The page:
By Lise Alves, Senior Contributing Reporter
RIO DE JANEIRO, BRAZIL – Brazilian prosecutors are investigating if UK firm Cambridge Analytica used data to create profiles from millions of Brazilians which would predict political behavior and help its Brazilian partner company determine the outcome of the country’s October presidential elections.
According to Frederico Meinberg, coordinator of the Commission for the Protection of Personal Data, the allegations, if true, are extremely worrisome, especially in an election year.
“The consumer has the right to know how his/her personal data will be used during the elections. The (country’s) political reform has allowed for a boost of content in social media, so elections can be defined based on money and behavioral profiles of users, analyzed by companies such as Cambridge Analytica,” said Meinberg in a document issued on Tuesday requesting a formal inquiry into both Cambridge Analytica and its Brazilian partner Ponte Estrategia.
“With these profiles, the candidates will direct the ads in the search for votes,” argued the prosecutor.
A recording conducted by an undercover reporter doing an investigation into Cambridge Analytical went viral on Monday. At the end of the video, an executive is heard saying that they ‘were going now to Brazil’.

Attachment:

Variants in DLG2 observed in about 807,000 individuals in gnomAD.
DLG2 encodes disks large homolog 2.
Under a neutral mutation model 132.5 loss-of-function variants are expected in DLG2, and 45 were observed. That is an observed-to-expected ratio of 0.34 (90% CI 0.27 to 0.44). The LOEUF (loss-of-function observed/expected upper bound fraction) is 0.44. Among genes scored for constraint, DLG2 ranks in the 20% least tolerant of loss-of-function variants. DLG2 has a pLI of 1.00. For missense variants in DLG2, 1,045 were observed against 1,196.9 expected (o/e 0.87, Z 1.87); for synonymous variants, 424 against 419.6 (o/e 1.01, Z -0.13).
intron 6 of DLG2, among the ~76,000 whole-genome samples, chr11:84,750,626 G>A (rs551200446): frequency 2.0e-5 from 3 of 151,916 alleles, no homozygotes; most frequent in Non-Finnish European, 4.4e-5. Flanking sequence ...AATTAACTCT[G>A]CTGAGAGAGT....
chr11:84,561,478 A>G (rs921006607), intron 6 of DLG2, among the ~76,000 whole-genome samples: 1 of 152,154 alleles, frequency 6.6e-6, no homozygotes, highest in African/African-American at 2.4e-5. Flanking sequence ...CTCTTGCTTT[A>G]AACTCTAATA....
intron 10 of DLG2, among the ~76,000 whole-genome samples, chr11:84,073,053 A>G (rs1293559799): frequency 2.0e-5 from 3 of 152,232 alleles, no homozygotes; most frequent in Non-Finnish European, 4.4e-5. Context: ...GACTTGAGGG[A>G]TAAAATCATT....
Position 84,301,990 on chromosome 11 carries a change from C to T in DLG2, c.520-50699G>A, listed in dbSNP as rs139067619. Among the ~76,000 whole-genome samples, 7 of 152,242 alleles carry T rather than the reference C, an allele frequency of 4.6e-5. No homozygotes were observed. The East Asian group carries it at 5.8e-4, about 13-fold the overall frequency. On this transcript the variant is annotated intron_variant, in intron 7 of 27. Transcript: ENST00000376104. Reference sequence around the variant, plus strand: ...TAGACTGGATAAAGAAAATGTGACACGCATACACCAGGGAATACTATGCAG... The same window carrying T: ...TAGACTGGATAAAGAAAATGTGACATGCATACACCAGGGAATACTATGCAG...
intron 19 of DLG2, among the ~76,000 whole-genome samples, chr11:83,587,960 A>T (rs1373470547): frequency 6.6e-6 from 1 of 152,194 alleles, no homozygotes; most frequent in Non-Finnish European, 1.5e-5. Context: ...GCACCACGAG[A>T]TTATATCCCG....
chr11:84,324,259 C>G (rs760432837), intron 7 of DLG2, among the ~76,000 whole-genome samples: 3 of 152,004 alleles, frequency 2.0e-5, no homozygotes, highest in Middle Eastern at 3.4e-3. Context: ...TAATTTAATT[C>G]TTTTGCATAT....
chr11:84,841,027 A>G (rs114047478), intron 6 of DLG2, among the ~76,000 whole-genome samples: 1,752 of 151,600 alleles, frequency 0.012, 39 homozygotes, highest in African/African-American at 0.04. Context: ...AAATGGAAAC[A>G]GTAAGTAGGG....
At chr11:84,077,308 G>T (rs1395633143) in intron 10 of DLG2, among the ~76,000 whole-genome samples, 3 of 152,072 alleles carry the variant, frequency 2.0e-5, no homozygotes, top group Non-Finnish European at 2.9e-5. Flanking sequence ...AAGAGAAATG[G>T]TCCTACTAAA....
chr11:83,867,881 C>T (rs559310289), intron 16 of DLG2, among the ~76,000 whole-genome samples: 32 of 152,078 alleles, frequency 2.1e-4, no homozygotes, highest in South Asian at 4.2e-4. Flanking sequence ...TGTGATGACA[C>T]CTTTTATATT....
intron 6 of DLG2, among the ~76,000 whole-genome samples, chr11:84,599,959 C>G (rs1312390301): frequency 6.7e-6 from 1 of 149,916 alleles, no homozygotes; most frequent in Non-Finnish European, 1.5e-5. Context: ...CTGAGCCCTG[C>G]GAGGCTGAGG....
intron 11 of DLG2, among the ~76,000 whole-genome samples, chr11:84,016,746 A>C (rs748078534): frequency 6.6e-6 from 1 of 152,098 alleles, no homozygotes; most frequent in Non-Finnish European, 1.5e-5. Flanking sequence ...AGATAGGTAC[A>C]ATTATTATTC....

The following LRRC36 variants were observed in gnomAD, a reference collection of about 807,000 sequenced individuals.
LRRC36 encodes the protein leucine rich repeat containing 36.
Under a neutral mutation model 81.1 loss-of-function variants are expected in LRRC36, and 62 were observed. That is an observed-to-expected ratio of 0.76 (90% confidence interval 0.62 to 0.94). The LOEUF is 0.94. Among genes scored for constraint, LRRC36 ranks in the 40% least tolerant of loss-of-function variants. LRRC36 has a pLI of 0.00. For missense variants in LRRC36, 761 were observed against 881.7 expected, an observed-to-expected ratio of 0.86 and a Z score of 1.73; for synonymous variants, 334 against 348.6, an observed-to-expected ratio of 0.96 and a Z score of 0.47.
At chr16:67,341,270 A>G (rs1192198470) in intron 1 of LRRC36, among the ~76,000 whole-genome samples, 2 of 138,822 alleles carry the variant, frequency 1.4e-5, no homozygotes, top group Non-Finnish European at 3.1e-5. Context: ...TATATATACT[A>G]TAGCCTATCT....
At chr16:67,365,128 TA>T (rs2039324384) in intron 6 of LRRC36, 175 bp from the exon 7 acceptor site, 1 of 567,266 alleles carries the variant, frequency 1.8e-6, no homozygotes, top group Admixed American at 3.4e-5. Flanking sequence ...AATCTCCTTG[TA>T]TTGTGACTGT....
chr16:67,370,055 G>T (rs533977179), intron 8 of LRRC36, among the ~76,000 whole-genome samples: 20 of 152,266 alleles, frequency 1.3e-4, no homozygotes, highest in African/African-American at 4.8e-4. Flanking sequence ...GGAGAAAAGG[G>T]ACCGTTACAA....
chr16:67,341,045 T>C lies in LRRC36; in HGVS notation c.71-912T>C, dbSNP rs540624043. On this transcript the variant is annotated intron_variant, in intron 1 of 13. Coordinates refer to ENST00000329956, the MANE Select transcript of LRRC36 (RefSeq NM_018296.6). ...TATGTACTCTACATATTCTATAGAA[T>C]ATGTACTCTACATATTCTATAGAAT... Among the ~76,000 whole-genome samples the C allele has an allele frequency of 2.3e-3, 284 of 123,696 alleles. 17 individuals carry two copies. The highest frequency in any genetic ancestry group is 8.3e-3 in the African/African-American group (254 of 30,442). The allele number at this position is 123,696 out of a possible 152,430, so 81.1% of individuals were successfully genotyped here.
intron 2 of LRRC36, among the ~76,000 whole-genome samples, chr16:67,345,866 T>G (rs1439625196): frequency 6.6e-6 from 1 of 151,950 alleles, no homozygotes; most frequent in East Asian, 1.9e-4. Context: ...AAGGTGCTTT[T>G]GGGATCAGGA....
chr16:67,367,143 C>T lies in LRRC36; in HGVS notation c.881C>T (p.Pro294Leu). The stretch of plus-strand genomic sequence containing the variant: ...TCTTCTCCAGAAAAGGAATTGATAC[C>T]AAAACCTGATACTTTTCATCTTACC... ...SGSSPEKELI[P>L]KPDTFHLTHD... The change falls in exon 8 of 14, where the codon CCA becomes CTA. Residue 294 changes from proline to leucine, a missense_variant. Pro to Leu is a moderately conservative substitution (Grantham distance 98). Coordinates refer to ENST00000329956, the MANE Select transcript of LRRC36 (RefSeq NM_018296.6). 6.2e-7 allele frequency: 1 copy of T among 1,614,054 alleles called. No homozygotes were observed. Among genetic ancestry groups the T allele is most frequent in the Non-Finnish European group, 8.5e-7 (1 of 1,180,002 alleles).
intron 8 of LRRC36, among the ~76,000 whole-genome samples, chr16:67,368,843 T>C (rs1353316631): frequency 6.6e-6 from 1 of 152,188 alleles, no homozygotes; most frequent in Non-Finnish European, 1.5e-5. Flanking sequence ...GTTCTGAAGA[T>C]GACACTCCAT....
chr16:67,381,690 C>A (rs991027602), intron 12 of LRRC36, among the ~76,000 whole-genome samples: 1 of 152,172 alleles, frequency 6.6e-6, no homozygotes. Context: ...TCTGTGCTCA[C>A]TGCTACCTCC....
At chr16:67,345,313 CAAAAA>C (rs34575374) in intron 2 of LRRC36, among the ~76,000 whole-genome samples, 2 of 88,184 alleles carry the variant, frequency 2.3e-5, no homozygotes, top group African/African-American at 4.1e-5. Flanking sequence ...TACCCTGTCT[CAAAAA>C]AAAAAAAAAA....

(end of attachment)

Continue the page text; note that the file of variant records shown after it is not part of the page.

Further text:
According to the document, Cambridge Analytica has been operating in Brazil since 2017 in partnership Ponte Estratégia Planejamento e Pesquisa Ltda., which even renamed its company to CA-Ponte.
According to a news report by Bloomberg CA-Ponte’s owner, Andre Torretta is asking for the suspension of the partnership agreement UK company did not respond to his inquiries about possible illegal data harvesting from Brazilian Facebook users.
“Were it some other circumstance, they would have called, given me an explanation,” Torretta told Bloomberg. “Their lack of response is not pleasing.”
Mark Zuckerberg defended his company, stating there was a ‘major breach of trust’ between his company, Facebook, and Cambridge Analytica and added that his company has ‘a responsibility’ to stop fake news which could affect elections from appearing on his customers’ feeds.
“There’s a big election in Brazil, there are big elections around the world, and you can bet that we are really committed to doing everything that we need to make sure that the integrity of those elections on Facebook is secured,” Zuckerberg said in a CNN interview on Wednesday night.
For Brazilians like 32-year-old Renata Guimarães the possibility of someone using her personal data to give her biased or directed content is scary. “I used to put everything on Facebook, but nowadays I’m a more private person. It’s creepy to think that someone knows so much about you just through what you like and what you post” she told The Rio Times, all the while maintaining an eye on her cellphone and her social media.